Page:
Review: Matthias Pintscher leads gleaming Mahler Seventh Symphony with CSO
By Janelle Gelfand
Mahler’s sprawling Symphony No. 7 has been called a continual “feast for the ear.” It takes orchestral color to extraordinary heights, with shrieking clarinets, “snap” pizzicatos in the basses, cow bells, a mandolin, and weird and unusual timbres.
On Friday morning, the Cincinnati Symphony Orchestra presented Mahler’s Seventh for the first time in more than a decade. Conducting the work, Matthias Pintscher, the CSO’s creative partner, brought both imagination and clarity to Mahler’s least-understood symphony. In a work that is five movements over 80 unbroken minutes, Pinscher’s leadership was unflagging and inspired. Even the finale, which is often hard to pull off, was riveting.
In the end, it was a virtuoso showpiece for orchestra and, for both Pintscher and the musicians, a triumph.
Perhaps Pintscher’s most breathtaking contribution during his time in Cincinnati was Mahler’s “Das Lied von der Erde” (“The Song of the Earth”) which he conducted in 2021 during the pandemic for a livestream and a small live audience. This Mahler, though quite different, was equally satisfying.
The listener was instantly drawn into the Mahler sound world. The first movement opened with the distinctive timbre of the tenor tuba in the first theme, in a bold and gleaming solo performed by principal trombonist Cristian Ganicenco. From the start, Pintscher was a precise leader who communicated each phrase with an easy musicality. The strings had a brilliant sheen, especially in their impassioned second theme. The Mahler universe included clipped marches, softly echoing trumpet fanfares, ever-changing hues in the winds and a serene moment of celestial beauty in harps and flutes. It was magical, and the conductor allowed every detail to unfold in living color.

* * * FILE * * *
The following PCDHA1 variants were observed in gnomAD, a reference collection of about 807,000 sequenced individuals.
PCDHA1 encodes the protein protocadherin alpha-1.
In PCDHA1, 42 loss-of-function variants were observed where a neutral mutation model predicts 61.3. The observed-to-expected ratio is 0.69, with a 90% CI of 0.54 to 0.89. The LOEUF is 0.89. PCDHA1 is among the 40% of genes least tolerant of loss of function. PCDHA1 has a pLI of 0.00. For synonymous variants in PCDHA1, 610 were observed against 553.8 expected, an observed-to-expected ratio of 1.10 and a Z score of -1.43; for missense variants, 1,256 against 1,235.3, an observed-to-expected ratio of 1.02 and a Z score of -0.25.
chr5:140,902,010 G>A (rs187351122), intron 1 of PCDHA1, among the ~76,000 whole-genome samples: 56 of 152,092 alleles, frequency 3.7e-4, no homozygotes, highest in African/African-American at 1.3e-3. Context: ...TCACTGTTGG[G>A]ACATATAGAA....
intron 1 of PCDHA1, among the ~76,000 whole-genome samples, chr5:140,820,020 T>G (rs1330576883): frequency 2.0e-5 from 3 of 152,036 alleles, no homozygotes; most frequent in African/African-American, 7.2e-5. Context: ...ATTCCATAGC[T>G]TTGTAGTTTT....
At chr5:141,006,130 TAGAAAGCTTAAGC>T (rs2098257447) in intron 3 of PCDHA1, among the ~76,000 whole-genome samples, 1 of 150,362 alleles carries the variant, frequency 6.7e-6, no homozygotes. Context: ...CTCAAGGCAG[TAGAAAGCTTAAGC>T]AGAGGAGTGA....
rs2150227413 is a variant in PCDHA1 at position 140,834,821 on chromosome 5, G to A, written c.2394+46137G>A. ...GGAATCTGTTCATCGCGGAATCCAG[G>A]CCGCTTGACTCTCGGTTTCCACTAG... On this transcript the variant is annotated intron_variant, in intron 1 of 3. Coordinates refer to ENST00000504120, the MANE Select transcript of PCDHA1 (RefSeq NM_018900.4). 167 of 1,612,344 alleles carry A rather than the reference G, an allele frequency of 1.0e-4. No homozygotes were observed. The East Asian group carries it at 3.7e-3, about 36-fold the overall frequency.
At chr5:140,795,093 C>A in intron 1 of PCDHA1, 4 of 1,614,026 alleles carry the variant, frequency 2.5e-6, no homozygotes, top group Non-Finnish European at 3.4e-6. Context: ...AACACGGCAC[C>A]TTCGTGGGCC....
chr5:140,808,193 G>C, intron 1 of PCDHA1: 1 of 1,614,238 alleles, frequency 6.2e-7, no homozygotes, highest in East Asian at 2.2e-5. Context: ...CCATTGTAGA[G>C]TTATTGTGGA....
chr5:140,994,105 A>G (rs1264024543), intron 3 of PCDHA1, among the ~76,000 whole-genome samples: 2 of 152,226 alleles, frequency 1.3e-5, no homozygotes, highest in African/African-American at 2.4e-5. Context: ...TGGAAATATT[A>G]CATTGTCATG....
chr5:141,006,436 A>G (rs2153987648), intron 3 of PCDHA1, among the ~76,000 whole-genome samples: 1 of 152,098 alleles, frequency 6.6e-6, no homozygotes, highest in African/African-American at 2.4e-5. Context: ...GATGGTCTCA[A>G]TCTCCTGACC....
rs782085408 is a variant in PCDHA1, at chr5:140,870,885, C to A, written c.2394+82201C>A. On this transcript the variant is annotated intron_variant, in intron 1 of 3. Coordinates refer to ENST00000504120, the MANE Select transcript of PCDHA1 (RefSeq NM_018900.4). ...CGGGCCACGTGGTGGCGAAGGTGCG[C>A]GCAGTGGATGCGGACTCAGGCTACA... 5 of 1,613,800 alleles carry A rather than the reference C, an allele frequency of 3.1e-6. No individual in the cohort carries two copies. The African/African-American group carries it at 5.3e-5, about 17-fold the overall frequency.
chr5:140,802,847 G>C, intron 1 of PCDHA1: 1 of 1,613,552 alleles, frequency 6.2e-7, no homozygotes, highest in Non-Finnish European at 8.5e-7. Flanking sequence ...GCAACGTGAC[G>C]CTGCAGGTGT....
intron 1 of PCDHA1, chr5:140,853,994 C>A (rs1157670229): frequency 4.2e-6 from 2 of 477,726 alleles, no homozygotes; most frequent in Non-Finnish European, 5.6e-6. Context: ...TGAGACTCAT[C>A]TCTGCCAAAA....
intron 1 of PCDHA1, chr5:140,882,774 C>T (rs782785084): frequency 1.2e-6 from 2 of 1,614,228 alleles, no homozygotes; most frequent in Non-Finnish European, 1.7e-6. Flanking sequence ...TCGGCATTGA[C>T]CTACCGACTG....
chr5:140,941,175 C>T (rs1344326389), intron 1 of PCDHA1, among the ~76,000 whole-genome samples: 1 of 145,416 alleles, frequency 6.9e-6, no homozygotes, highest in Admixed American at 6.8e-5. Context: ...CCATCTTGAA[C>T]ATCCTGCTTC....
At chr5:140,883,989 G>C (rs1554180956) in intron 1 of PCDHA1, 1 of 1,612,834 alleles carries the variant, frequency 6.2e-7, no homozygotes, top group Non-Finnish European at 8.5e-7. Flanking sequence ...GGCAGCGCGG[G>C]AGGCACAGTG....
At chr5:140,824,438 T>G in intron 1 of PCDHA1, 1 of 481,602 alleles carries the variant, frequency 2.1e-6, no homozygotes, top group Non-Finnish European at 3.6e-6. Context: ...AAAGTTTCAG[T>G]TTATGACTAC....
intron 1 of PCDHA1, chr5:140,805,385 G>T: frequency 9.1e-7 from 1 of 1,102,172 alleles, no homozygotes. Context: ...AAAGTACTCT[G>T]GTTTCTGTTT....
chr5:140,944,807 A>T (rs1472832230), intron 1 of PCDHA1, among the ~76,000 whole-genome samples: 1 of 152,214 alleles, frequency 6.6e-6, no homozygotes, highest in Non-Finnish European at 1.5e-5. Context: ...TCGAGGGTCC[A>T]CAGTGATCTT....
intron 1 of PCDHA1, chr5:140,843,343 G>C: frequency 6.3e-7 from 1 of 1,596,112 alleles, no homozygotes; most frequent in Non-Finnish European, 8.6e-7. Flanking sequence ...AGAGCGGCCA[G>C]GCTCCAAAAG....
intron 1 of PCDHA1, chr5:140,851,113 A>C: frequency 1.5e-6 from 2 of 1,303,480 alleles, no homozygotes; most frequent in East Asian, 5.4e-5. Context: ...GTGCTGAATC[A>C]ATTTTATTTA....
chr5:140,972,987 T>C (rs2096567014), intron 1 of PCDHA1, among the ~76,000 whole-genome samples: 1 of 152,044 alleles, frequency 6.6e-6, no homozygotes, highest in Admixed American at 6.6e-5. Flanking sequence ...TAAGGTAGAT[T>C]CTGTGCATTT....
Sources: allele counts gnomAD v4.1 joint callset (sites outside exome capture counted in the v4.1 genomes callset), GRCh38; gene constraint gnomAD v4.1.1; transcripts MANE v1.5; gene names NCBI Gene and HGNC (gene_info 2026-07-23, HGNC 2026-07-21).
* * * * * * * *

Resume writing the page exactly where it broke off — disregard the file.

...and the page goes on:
“Nachtmusik I” was more sinister in tone. The movement included echoing horn calls (Elizabeth Freimuth), fantastical bird calls in the winds, haunting marches, cow bells and odd things that go “bump in the night.” Pintscher wove these unsettled elements into a coherent tapestry, and the orchestra played with split-second precision.
At the symphony’s center is a scherzo unlike any other. It was spectral in tone, but Pintscher also emphasized its edgy quality, offering a vivid and quirky tone picture. After such spookiness, “Nachtmusik II” emerged like a delicate sunrise. It was a pastoral serenade, colored by an intimate mandolin (Paul Patterson), the plucking of a guitar (Roger Klug), and a radiant violin solo (concertmaster Stefani Matsuo).
Pintscher’s tempos were well-judged throughout and transitions were seamless. The finale, which begins with a battering of timpani and fanfares in brass and winds, was utterly exuberant. Then, suddenly, we were in the Viennese countryside. The conductor kept this episodic movement from descending into confusion. Each idea was clear and controlled. Horns and clarinets lifted their bells and lighter moments glowed. In the coda, Pintscher propelled the orchestra to a brilliant finish in a flurry of brass fanfares, cowbells and chimes. Listeners were on their feet.